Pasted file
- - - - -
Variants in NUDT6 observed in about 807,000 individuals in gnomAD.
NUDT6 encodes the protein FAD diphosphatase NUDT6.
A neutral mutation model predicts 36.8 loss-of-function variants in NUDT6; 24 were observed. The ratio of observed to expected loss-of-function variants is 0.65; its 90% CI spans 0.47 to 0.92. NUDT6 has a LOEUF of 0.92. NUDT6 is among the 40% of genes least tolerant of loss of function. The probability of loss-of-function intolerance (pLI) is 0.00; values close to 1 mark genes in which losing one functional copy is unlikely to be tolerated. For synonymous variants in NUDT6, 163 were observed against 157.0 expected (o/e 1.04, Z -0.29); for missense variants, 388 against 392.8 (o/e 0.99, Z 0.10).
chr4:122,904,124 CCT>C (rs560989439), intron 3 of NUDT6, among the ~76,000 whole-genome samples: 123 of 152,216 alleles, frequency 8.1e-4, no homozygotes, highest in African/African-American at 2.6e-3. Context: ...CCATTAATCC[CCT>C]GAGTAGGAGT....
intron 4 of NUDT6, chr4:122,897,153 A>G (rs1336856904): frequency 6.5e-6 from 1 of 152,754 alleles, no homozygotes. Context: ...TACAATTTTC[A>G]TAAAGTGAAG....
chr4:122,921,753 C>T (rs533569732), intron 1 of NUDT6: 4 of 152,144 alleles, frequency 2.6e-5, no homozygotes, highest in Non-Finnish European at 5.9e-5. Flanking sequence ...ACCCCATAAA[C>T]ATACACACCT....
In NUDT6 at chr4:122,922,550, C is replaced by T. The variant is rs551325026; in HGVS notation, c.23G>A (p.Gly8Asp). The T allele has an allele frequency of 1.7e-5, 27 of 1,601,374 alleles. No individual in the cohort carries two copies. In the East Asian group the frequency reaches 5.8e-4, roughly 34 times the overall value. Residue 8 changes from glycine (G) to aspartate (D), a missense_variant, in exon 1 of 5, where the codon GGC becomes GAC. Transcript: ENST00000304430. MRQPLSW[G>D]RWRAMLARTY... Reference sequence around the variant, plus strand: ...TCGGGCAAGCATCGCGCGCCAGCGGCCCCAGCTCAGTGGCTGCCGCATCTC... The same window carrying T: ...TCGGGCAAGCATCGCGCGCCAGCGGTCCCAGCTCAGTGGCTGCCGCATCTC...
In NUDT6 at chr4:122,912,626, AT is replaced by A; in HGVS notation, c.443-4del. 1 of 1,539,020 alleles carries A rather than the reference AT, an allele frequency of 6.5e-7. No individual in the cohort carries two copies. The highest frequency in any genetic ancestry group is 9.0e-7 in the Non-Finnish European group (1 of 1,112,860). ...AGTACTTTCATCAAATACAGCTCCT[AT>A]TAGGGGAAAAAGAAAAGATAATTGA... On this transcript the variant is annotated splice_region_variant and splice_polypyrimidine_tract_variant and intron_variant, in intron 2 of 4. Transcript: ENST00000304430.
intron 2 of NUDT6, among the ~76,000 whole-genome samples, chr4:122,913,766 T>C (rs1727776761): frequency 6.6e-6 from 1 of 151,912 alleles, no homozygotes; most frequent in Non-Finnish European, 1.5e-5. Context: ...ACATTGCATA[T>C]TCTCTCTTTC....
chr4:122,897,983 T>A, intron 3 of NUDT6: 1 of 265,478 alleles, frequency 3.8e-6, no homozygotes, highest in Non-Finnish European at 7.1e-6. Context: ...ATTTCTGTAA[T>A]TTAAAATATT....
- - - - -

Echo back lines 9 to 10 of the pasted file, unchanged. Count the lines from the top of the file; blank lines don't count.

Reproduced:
intron 2 of NUDT6, among the ~76,000 whole-genome samples, chr4:122,913,766 T>C (rs1727776761): frequency 6.6e-6 from 1 of 151,912 alleles, no homozygotes; most frequent in Non-Finnish European, 1.5e-5. Context: ...ACATTGCATA[T>C]TCTCTCTTTC....
chr4:122,897,983 T>A, intron 3 of NUDT6: 1 of 265,478 alleles, frequency 3.8e-6, no homozygotes, highest in Non-Finnish European at 7.1e-6. Context: ...ATTTCTGTAA[T>A]TTAAAATATT....